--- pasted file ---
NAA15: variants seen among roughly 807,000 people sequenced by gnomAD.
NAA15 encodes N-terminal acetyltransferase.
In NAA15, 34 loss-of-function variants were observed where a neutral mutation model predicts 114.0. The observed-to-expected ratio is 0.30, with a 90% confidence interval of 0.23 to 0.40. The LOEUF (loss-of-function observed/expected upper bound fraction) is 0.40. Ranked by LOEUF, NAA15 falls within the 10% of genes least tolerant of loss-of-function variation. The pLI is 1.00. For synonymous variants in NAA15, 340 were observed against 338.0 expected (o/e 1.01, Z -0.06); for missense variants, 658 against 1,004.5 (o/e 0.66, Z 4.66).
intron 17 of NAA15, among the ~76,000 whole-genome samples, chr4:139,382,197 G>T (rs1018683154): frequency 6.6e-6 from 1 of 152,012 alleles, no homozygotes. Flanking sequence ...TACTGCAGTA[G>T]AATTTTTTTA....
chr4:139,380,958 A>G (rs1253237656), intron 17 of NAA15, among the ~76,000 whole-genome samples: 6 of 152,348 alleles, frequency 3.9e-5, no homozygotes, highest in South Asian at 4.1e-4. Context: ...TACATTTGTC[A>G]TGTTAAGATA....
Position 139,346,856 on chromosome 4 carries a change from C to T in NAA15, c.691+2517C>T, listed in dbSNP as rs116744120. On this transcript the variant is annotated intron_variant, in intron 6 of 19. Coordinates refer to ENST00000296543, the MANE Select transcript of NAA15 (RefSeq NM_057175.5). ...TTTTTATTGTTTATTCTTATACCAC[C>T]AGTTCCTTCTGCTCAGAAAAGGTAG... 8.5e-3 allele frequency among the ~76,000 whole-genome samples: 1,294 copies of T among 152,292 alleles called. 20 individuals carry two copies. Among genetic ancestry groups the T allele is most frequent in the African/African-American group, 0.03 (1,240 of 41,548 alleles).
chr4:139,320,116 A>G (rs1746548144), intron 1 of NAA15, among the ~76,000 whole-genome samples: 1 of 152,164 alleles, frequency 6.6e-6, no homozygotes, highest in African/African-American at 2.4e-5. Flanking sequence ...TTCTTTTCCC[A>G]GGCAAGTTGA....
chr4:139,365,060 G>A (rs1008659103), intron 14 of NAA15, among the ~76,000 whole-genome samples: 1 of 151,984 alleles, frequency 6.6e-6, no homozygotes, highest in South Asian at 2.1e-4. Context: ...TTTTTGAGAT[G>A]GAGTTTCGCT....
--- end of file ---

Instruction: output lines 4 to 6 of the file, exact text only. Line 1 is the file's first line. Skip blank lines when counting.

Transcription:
intron 17 of NAA15, among the ~76,000 whole-genome samples, chr4:139,382,197 G>T (rs1018683154): frequency 6.6e-6 from 1 of 152,012 alleles, no homozygotes. Flanking sequence ...TACTGCAGTA[G>T]AATTTTTTTA....
chr4:139,380,958 A>G (rs1253237656), intron 17 of NAA15, among the ~76,000 whole-genome samples: 6 of 152,348 alleles, frequency 3.9e-5, no homozygotes, highest in South Asian at 4.1e-4. Context: ...TACATTTGTC[A>G]TGTTAAGATA....
Position 139,346,856 on chromosome 4 carries a change from C to T in NAA15, c.691+2517C>T, listed in dbSNP as rs116744120. On this transcript the variant is annotated intron_variant, in intron 6 of 19. Coordinates refer to ENST00000296543, the MANE Select transcript of NAA15 (RefSeq NM_057175.5). ...TTTTTATTGTTTATTCTTATACCAC[C>T]AGTTCCTTCTGCTCAGAAAAGGTAG... 8.5e-3 allele frequency among the ~76,000 whole-genome samples: 1,294 copies of T among 152,292 alleles called. 20 individuals carry two copies. Among genetic ancestry groups the T allele is most frequent in the African/African-American group, 0.03 (1,240 of 41,548 alleles).